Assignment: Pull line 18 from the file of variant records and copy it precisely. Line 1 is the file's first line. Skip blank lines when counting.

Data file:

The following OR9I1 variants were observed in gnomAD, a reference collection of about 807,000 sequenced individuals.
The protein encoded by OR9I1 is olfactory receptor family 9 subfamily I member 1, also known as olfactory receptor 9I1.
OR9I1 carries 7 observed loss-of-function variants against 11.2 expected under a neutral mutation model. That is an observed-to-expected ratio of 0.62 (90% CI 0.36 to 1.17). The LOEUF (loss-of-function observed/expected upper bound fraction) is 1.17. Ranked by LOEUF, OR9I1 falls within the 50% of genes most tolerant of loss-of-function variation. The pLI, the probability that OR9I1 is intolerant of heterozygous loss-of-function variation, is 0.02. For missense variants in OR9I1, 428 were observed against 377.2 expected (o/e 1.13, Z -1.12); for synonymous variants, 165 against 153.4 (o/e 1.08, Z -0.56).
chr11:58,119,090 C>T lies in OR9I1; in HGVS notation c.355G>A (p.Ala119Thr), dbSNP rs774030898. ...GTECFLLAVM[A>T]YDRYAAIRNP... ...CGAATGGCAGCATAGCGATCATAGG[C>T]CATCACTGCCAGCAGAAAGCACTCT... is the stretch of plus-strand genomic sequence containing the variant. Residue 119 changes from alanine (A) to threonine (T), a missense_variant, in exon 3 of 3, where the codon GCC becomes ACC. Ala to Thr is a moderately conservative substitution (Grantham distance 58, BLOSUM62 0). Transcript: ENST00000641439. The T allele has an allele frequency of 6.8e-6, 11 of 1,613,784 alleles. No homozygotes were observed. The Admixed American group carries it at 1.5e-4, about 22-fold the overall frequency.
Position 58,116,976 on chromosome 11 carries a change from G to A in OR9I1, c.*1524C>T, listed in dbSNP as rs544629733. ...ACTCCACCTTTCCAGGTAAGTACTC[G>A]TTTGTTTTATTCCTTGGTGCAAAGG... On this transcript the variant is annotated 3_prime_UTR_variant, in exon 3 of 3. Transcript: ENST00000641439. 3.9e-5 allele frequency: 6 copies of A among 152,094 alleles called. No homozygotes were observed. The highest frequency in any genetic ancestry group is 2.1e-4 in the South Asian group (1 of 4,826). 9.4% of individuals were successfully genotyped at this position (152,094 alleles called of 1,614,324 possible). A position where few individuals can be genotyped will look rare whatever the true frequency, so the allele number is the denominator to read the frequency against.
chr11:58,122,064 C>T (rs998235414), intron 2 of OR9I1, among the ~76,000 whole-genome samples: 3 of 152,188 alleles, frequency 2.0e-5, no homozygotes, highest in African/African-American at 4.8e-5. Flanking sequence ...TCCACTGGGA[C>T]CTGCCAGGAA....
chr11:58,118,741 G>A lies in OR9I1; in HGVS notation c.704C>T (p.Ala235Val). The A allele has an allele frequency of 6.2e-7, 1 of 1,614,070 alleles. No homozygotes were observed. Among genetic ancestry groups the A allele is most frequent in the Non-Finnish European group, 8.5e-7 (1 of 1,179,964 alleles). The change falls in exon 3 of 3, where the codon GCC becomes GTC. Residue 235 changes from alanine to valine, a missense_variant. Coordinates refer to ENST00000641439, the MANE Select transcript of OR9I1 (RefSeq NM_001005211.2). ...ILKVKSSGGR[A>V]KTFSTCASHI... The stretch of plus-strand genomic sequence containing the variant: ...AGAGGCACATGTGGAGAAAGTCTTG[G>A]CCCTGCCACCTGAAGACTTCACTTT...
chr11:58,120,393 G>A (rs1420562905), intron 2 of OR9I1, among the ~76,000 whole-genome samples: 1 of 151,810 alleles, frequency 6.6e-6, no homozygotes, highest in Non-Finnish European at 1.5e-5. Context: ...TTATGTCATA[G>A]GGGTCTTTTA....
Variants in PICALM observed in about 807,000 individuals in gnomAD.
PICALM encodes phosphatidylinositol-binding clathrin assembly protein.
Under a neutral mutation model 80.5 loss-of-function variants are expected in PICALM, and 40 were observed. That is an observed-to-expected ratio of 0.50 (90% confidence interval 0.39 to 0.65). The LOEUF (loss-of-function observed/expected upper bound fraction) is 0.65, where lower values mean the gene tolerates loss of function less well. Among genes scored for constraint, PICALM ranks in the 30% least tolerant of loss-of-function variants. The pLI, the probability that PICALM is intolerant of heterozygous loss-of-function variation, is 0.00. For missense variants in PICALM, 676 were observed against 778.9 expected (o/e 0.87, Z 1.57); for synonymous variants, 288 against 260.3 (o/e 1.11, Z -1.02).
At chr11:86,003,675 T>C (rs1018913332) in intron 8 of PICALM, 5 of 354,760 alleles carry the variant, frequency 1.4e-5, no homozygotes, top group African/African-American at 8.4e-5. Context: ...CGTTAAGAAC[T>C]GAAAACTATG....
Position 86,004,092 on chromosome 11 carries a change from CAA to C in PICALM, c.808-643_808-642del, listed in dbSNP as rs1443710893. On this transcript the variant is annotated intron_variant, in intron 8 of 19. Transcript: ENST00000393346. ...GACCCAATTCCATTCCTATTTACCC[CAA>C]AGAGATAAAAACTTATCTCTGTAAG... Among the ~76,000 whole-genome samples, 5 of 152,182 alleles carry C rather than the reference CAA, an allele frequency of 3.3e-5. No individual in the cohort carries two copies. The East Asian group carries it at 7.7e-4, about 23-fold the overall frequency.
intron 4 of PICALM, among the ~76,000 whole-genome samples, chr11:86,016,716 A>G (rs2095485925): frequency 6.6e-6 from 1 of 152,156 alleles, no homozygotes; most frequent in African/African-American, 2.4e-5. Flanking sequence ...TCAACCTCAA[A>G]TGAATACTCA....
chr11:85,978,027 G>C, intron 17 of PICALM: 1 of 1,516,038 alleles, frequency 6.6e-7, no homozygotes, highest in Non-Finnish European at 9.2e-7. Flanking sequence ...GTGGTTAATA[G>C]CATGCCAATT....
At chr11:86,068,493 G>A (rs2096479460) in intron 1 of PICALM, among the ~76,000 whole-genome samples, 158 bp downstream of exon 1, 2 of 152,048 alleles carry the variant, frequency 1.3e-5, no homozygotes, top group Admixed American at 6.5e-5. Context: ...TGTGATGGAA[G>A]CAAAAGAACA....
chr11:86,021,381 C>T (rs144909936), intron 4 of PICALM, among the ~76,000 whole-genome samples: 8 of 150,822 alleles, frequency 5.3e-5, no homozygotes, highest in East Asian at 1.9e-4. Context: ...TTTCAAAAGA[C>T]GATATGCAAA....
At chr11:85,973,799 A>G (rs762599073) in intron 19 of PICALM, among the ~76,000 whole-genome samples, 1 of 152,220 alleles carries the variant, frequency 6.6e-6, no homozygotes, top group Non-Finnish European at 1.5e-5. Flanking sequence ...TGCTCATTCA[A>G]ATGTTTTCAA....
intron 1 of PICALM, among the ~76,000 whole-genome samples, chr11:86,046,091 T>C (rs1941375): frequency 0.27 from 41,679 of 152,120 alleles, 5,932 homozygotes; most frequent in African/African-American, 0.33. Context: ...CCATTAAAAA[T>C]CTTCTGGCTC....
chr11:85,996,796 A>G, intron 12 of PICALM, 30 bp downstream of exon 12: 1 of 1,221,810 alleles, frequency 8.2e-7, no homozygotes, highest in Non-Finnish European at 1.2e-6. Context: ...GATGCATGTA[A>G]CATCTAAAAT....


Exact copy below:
At chr11:85,973,799 A>G (rs762599073) in intron 19 of PICALM, among the ~76,000 whole-genome samples, 1 of 152,220 alleles carries the variant, frequency 6.6e-6, no homozygotes, top group Non-Finnish European at 1.5e-5. Flanking sequence ...TGCTCATTCA[A>G]ATGTTTTCAA....